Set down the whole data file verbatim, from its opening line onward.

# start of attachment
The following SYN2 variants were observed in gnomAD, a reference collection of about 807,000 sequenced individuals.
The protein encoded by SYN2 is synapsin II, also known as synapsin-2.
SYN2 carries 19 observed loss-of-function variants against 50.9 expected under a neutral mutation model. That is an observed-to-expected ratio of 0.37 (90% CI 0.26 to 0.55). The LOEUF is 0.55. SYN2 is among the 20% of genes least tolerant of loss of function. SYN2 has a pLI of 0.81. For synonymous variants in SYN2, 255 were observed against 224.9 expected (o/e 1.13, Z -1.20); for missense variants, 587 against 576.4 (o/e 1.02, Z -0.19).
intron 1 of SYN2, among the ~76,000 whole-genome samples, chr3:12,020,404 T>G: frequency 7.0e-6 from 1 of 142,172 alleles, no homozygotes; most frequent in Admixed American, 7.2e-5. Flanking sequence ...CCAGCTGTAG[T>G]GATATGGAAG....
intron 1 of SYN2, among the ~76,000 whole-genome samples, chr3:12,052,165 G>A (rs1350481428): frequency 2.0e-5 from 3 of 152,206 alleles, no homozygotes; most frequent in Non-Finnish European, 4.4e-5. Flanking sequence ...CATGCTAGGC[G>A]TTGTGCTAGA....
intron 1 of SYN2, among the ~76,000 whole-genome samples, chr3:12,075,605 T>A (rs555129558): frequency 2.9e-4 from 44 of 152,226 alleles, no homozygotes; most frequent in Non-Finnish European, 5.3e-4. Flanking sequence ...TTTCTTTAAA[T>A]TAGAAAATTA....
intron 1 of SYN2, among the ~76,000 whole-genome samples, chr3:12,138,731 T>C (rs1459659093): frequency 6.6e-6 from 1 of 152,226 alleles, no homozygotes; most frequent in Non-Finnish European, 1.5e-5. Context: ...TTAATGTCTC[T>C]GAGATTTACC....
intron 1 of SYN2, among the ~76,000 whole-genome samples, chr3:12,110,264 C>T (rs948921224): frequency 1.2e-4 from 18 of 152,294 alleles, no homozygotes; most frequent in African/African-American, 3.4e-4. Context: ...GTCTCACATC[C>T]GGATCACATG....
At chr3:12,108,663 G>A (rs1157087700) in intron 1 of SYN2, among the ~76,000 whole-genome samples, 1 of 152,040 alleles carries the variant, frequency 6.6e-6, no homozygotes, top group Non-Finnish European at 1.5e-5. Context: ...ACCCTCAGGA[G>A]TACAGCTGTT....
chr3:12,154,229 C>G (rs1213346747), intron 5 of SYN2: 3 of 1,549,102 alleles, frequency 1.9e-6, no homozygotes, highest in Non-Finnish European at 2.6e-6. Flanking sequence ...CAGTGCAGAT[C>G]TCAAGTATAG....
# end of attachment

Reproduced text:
The following SYN2 variants were observed in gnomAD, a reference collection of about 807,000 sequenced individuals.
The protein encoded by SYN2 is synapsin II, also known as synapsin-2.
SYN2 carries 19 observed loss-of-function variants against 50.9 expected under a neutral mutation model. That is an observed-to-expected ratio of 0.37 (90% CI 0.26 to 0.55). The LOEUF is 0.55. SYN2 is among the 20% of genes least tolerant of loss of function. SYN2 has a pLI of 0.81. For synonymous variants in SYN2, 255 were observed against 224.9 expected (o/e 1.13, Z -1.20); for missense variants, 587 against 576.4 (o/e 1.02, Z -0.19).
intron 1 of SYN2, among the ~76,000 whole-genome samples, chr3:12,020,404 T>G: frequency 7.0e-6 from 1 of 142,172 alleles, no homozygotes; most frequent in Admixed American, 7.2e-5. Flanking sequence ...CCAGCTGTAG[T>G]GATATGGAAG....
intron 1 of SYN2, among the ~76,000 whole-genome samples, chr3:12,052,165 G>A (rs1350481428): frequency 2.0e-5 from 3 of 152,206 alleles, no homozygotes; most frequent in Non-Finnish European, 4.4e-5. Flanking sequence ...CATGCTAGGC[G>A]TTGTGCTAGA....
intron 1 of SYN2, among the ~76,000 whole-genome samples, chr3:12,075,605 T>A (rs555129558): frequency 2.9e-4 from 44 of 152,226 alleles, no homozygotes; most frequent in Non-Finnish European, 5.3e-4. Flanking sequence ...TTTCTTTAAA[T>A]TAGAAAATTA....
intron 1 of SYN2, among the ~76,000 whole-genome samples, chr3:12,138,731 T>C (rs1459659093): frequency 6.6e-6 from 1 of 152,226 alleles, no homozygotes; most frequent in Non-Finnish European, 1.5e-5. Context: ...TTAATGTCTC[T>C]GAGATTTACC....
intron 1 of SYN2, among the ~76,000 whole-genome samples, chr3:12,110,264 C>T (rs948921224): frequency 1.2e-4 from 18 of 152,294 alleles, no homozygotes; most frequent in African/African-American, 3.4e-4. Context: ...GTCTCACATC[C>T]GGATCACATG....
At chr3:12,108,663 G>A (rs1157087700) in intron 1 of SYN2, among the ~76,000 whole-genome samples, 1 of 152,040 alleles carries the variant, frequency 6.6e-6, no homozygotes, top group Non-Finnish European at 1.5e-5. Context: ...ACCCTCAGGA[G>A]TACAGCTGTT....
chr3:12,154,229 C>G (rs1213346747), intron 5 of SYN2: 3 of 1,549,102 alleles, frequency 1.9e-6, no homozygotes, highest in Non-Finnish European at 2.6e-6. Flanking sequence ...CAGTGCAGAT[C>G]TCAAGTATAG....